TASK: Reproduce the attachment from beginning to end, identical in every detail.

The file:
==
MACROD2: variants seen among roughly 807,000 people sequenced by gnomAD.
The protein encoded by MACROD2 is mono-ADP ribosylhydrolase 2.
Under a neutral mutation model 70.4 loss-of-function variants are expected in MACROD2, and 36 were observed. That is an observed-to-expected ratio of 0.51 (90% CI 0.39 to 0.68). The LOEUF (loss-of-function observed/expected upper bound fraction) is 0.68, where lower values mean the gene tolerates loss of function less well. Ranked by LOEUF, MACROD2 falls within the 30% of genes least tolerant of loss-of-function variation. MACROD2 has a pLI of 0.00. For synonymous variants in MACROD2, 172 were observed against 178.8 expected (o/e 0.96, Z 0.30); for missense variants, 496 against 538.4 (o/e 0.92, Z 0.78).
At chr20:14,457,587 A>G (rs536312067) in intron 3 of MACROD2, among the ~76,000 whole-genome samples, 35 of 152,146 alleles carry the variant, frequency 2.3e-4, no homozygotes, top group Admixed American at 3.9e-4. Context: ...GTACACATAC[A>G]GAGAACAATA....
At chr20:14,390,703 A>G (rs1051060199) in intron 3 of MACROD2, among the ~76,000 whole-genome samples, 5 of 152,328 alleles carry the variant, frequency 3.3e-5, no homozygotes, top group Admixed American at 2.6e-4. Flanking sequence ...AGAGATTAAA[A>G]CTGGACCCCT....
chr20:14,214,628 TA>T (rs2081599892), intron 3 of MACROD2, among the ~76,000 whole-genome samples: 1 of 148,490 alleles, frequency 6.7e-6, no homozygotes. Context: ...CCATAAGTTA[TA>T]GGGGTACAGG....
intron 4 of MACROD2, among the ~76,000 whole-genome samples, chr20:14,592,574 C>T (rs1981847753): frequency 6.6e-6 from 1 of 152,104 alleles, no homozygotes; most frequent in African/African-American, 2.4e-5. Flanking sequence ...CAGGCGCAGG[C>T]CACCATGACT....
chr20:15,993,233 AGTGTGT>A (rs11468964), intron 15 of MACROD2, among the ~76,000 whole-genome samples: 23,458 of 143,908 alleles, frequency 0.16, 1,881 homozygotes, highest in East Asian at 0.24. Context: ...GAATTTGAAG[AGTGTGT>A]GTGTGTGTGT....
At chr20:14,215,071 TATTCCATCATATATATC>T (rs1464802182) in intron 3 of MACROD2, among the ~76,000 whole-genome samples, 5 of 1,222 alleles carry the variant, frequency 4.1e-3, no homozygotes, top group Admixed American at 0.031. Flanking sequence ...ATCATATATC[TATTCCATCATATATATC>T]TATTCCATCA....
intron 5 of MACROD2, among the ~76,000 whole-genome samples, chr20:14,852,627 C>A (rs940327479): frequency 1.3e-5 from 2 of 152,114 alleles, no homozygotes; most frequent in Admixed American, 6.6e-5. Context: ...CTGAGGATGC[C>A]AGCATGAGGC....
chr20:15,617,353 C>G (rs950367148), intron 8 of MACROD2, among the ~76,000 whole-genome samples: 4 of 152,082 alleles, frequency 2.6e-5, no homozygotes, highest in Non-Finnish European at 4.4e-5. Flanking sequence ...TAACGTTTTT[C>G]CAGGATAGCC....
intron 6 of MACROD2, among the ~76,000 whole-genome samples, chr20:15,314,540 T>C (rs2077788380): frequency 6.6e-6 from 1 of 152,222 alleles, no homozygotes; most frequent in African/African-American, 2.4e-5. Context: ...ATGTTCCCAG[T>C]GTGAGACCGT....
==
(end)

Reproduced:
MACROD2: variants seen among roughly 807,000 people sequenced by gnomAD.
The protein encoded by MACROD2 is mono-ADP ribosylhydrolase 2.
Under a neutral mutation model 70.4 loss-of-function variants are expected in MACROD2, and 36 were observed. That is an observed-to-expected ratio of 0.51 (90% CI 0.39 to 0.68). The LOEUF (loss-of-function observed/expected upper bound fraction) is 0.68, where lower values mean the gene tolerates loss of function less well. Ranked by LOEUF, MACROD2 falls within the 30% of genes least tolerant of loss-of-function variation. MACROD2 has a pLI of 0.00. For synonymous variants in MACROD2, 172 were observed against 178.8 expected (o/e 0.96, Z 0.30); for missense variants, 496 against 538.4 (o/e 0.92, Z 0.78).
At chr20:14,457,587 A>G (rs536312067) in intron 3 of MACROD2, among the ~76,000 whole-genome samples, 35 of 152,146 alleles carry the variant, frequency 2.3e-4, no homozygotes, top group Admixed American at 3.9e-4. Context: ...GTACACATAC[A>G]GAGAACAATA....
At chr20:14,390,703 A>G (rs1051060199) in intron 3 of MACROD2, among the ~76,000 whole-genome samples, 5 of 152,328 alleles carry the variant, frequency 3.3e-5, no homozygotes, top group Admixed American at 2.6e-4. Flanking sequence ...AGAGATTAAA[A>G]CTGGACCCCT....
chr20:14,214,628 TA>T (rs2081599892), intron 3 of MACROD2, among the ~76,000 whole-genome samples: 1 of 148,490 alleles, frequency 6.7e-6, no homozygotes. Context: ...CCATAAGTTA[TA>T]GGGGTACAGG....
intron 4 of MACROD2, among the ~76,000 whole-genome samples, chr20:14,592,574 C>T (rs1981847753): frequency 6.6e-6 from 1 of 152,104 alleles, no homozygotes; most frequent in African/African-American, 2.4e-5. Flanking sequence ...CAGGCGCAGG[C>T]CACCATGACT....
chr20:15,993,233 AGTGTGT>A (rs11468964), intron 15 of MACROD2, among the ~76,000 whole-genome samples: 23,458 of 143,908 alleles, frequency 0.16, 1,881 homozygotes, highest in East Asian at 0.24. Context: ...GAATTTGAAG[AGTGTGT>A]GTGTGTGTGT....
At chr20:14,215,071 TATTCCATCATATATATC>T (rs1464802182) in intron 3 of MACROD2, among the ~76,000 whole-genome samples, 5 of 1,222 alleles carry the variant, frequency 4.1e-3, no homozygotes, top group Admixed American at 0.031. Flanking sequence ...ATCATATATC[TATTCCATCATATATATC>T]TATTCCATCA....
intron 5 of MACROD2, among the ~76,000 whole-genome samples, chr20:14,852,627 C>A (rs940327479): frequency 1.3e-5 from 2 of 152,114 alleles, no homozygotes; most frequent in Admixed American, 6.6e-5. Context: ...CTGAGGATGC[C>A]AGCATGAGGC....
chr20:15,617,353 C>G (rs950367148), intron 8 of MACROD2, among the ~76,000 whole-genome samples: 4 of 152,082 alleles, frequency 2.6e-5, no homozygotes, highest in Non-Finnish European at 4.4e-5. Flanking sequence ...TAACGTTTTT[C>G]CAGGATAGCC....
intron 6 of MACROD2, among the ~76,000 whole-genome samples, chr20:15,314,540 T>C (rs2077788380): frequency 6.6e-6 from 1 of 152,222 alleles, no homozygotes; most frequent in African/African-American, 2.4e-5. Context: ...ATGTTCCCAG[T>C]GTGAGACCGT....